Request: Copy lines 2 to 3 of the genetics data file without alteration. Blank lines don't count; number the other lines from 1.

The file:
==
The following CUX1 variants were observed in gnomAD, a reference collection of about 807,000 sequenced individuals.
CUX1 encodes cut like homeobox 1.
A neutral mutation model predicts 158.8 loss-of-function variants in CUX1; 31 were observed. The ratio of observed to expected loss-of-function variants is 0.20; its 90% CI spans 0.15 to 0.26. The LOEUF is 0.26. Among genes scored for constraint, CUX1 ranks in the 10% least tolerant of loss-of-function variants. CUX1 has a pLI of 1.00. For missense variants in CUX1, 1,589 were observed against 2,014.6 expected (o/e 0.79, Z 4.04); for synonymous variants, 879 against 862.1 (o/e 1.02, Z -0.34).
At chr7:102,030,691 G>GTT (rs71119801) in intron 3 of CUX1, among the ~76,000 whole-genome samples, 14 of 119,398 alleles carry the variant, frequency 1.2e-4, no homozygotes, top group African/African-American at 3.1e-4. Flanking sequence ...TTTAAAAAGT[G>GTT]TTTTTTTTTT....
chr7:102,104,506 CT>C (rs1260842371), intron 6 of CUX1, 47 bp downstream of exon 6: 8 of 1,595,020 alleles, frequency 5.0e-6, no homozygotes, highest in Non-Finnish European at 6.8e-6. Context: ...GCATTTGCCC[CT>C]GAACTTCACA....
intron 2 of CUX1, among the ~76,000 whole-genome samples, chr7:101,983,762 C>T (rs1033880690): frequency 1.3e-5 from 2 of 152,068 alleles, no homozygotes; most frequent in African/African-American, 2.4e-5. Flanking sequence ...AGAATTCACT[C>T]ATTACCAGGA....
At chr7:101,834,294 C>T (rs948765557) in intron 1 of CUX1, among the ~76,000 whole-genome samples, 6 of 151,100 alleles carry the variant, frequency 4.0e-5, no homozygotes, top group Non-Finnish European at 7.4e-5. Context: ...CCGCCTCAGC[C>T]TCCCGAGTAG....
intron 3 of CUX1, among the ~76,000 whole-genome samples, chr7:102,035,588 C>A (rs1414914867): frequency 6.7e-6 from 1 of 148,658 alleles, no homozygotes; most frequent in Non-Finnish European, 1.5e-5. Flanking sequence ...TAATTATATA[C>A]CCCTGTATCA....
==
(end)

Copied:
CUX1 encodes cut like homeobox 1.
A neutral mutation model predicts 158.8 loss-of-function variants in CUX1; 31 were observed. The ratio of observed to expected loss-of-function variants is 0.20; its 90% CI spans 0.15 to 0.26. The LOEUF is 0.26. Among genes scored for constraint, CUX1 ranks in the 10% least tolerant of loss-of-function variants. CUX1 has a pLI of 1.00. For missense variants in CUX1, 1,589 were observed against 2,014.6 expected (o/e 0.79, Z 4.04); for synonymous variants, 879 against 862.1 (o/e 1.02, Z -0.34).